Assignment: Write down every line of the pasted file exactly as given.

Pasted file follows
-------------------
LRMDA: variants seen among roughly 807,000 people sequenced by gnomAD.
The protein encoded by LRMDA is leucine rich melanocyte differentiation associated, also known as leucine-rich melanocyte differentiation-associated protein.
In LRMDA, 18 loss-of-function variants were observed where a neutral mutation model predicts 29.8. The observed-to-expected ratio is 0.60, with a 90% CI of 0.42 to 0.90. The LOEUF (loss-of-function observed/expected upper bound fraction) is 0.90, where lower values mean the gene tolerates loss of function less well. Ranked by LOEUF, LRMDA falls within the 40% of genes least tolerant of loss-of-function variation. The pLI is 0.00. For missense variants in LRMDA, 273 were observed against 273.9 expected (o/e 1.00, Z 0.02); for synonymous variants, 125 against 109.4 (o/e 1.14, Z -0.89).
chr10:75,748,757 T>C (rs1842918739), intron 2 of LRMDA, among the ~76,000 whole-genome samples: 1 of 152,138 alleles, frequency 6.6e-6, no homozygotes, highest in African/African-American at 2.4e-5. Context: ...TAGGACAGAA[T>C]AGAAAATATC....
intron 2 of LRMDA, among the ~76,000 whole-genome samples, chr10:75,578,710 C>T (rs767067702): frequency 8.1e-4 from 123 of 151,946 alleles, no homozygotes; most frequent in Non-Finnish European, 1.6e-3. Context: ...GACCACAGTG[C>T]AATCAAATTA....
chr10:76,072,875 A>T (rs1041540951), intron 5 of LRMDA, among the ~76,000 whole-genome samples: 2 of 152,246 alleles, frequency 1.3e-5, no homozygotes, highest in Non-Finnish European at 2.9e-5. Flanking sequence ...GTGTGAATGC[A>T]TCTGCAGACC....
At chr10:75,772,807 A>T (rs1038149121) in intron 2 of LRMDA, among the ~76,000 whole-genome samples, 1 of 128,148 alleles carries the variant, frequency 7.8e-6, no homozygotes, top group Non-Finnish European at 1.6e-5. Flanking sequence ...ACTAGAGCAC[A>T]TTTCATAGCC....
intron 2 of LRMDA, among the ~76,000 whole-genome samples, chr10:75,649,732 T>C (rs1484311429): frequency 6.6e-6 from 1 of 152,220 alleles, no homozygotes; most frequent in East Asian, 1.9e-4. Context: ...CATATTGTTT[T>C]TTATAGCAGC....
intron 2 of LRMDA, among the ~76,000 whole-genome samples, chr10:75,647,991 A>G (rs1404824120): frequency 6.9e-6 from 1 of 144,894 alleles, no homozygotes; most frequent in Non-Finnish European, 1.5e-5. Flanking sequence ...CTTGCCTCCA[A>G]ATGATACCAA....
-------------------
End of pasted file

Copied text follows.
LRMDA: variants seen among roughly 807,000 people sequenced by gnomAD.
The protein encoded by LRMDA is leucine rich melanocyte differentiation associated, also known as leucine-rich melanocyte differentiation-associated protein.
In LRMDA, 18 loss-of-function variants were observed where a neutral mutation model predicts 29.8. The observed-to-expected ratio is 0.60, with a 90% CI of 0.42 to 0.90. The LOEUF (loss-of-function observed/expected upper bound fraction) is 0.90, where lower values mean the gene tolerates loss of function less well. Ranked by LOEUF, LRMDA falls within the 40% of genes least tolerant of loss-of-function variation. The pLI is 0.00. For missense variants in LRMDA, 273 were observed against 273.9 expected (o/e 1.00, Z 0.02); for synonymous variants, 125 against 109.4 (o/e 1.14, Z -0.89).
chr10:75,748,757 T>C (rs1842918739), intron 2 of LRMDA, among the ~76,000 whole-genome samples: 1 of 152,138 alleles, frequency 6.6e-6, no homozygotes, highest in African/African-American at 2.4e-5. Context: ...TAGGACAGAA[T>C]AGAAAATATC....
intron 2 of LRMDA, among the ~76,000 whole-genome samples, chr10:75,578,710 C>T (rs767067702): frequency 8.1e-4 from 123 of 151,946 alleles, no homozygotes; most frequent in Non-Finnish European, 1.6e-3. Context: ...GACCACAGTG[C>T]AATCAAATTA....
chr10:76,072,875 A>T (rs1041540951), intron 5 of LRMDA, among the ~76,000 whole-genome samples: 2 of 152,246 alleles, frequency 1.3e-5, no homozygotes, highest in Non-Finnish European at 2.9e-5. Flanking sequence ...GTGTGAATGC[A>T]TCTGCAGACC....
At chr10:75,772,807 A>T (rs1038149121) in intron 2 of LRMDA, among the ~76,000 whole-genome samples, 1 of 128,148 alleles carries the variant, frequency 7.8e-6, no homozygotes, top group Non-Finnish European at 1.6e-5. Flanking sequence ...ACTAGAGCAC[A>T]TTTCATAGCC....
intron 2 of LRMDA, among the ~76,000 whole-genome samples, chr10:75,649,732 T>C (rs1484311429): frequency 6.6e-6 from 1 of 152,220 alleles, no homozygotes; most frequent in East Asian, 1.9e-4. Context: ...CATATTGTTT[T>C]TTATAGCAGC....
intron 2 of LRMDA, among the ~76,000 whole-genome samples, chr10:75,647,991 A>G (rs1404824120): frequency 6.9e-6 from 1 of 144,894 alleles, no homozygotes; most frequent in Non-Finnish European, 1.5e-5. Flanking sequence ...CTTGCCTCCA[A>G]ATGATACCAA....